I don't have a good memory. I recall my childhood in brief, unconnected visual snapshots. But all my adult life I've had a memory of being a child, on holiday. It has always been a very strong, but unspecific memory. In my minds eye I see a little shop, set at a slight angle to a rough stone wall. Outside the shop is piled the ephemera of beach holidays - buckets and spades, fishing-nets, sun-beds, etc. Along from the shop there is a gap in the wall where stone steps lead down to a beach, which I can't yet see. There is a drift of sand against the wall. As much as anything it is the smell that I can recall most vividly. Sand mixed with the smell of the sea, sun-warmed stone, hot plastic and vanilla. No one has ever been able to enlighten me about where this was.
The strength of this memory is in the intensity of the feelings it evokes in me still. It is a shortcut to those childhood emotions; the almost unbearable excitement of being at the seaside, with everything that meant - paddling, sand-castles, icecream, scrabbling over rocks and fishing in rock-pools, parental attention, fun.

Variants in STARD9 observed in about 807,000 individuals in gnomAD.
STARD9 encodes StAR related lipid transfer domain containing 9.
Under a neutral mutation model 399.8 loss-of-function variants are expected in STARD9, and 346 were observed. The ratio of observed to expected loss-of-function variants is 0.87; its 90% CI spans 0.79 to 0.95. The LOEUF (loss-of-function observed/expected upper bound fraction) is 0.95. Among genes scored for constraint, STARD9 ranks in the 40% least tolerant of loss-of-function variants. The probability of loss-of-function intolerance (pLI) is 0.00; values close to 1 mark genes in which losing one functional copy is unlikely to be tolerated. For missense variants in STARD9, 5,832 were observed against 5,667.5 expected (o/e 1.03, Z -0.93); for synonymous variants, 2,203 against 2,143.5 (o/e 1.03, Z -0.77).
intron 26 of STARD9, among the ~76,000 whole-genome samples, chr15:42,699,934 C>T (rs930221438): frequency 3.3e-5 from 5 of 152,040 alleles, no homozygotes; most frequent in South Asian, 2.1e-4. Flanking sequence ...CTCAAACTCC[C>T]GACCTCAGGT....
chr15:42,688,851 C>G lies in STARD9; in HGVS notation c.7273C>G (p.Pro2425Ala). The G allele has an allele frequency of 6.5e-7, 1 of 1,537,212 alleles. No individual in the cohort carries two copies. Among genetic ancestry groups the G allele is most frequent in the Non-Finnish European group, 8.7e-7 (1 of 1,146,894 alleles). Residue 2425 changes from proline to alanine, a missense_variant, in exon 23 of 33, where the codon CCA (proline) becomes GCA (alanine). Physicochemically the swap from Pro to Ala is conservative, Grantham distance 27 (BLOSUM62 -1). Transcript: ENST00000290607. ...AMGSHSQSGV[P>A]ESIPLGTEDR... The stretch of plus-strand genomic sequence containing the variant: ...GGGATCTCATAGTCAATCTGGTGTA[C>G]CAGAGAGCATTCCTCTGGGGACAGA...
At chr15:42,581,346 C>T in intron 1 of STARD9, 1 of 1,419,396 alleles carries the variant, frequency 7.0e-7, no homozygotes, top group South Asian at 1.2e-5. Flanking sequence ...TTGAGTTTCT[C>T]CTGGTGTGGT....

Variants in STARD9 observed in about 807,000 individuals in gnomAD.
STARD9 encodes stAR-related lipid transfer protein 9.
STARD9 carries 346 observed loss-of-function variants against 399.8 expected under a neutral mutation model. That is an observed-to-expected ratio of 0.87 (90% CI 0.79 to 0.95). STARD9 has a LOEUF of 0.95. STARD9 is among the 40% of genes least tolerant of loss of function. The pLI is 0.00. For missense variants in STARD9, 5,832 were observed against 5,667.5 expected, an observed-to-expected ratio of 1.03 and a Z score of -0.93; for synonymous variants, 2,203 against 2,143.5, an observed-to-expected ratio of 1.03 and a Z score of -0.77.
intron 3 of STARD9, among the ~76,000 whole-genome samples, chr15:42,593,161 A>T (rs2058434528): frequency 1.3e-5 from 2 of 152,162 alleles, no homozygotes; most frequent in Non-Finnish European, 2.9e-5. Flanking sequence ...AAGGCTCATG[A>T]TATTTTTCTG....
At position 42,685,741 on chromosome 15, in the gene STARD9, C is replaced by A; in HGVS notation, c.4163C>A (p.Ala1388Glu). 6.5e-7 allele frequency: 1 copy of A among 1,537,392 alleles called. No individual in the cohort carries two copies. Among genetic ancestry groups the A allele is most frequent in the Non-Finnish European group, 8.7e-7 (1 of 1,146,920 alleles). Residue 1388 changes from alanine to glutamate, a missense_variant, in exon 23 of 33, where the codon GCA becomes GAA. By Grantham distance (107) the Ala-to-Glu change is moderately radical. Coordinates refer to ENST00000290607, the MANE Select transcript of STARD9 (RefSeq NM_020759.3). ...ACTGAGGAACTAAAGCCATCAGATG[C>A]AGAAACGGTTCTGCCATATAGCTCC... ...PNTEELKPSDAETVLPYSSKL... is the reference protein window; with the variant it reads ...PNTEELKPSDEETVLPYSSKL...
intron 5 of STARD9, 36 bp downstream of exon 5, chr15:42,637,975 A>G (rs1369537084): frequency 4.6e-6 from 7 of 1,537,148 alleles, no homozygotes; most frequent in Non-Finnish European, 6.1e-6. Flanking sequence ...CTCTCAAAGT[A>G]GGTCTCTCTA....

Last October my husband and I stayed with my sister and her partner in a part of Cornwall that we'd not been back to for many many years. It was my sister, in particular, who wanted to revisit our childhood haunts of Mevagissey, Porth Loonie beach (Caerhayes) and Goran Haven. I didn't dwell on whether I would find the location of this childhood memory, but it returned to me in a rush as we walked down the road from the car park at Goran Haven. Before we even reached the quay it was the smell that hit me, something about the concentration of that seaside, seaweedy ozone smell that funnelled up the lane. And when we reached the front, there was the little shop - shut-up in October - set at an angle to the wall. Sadly the wall has obviously been extensively remodelled to allow vehicle access. But I am absolutely positive that this is the spot.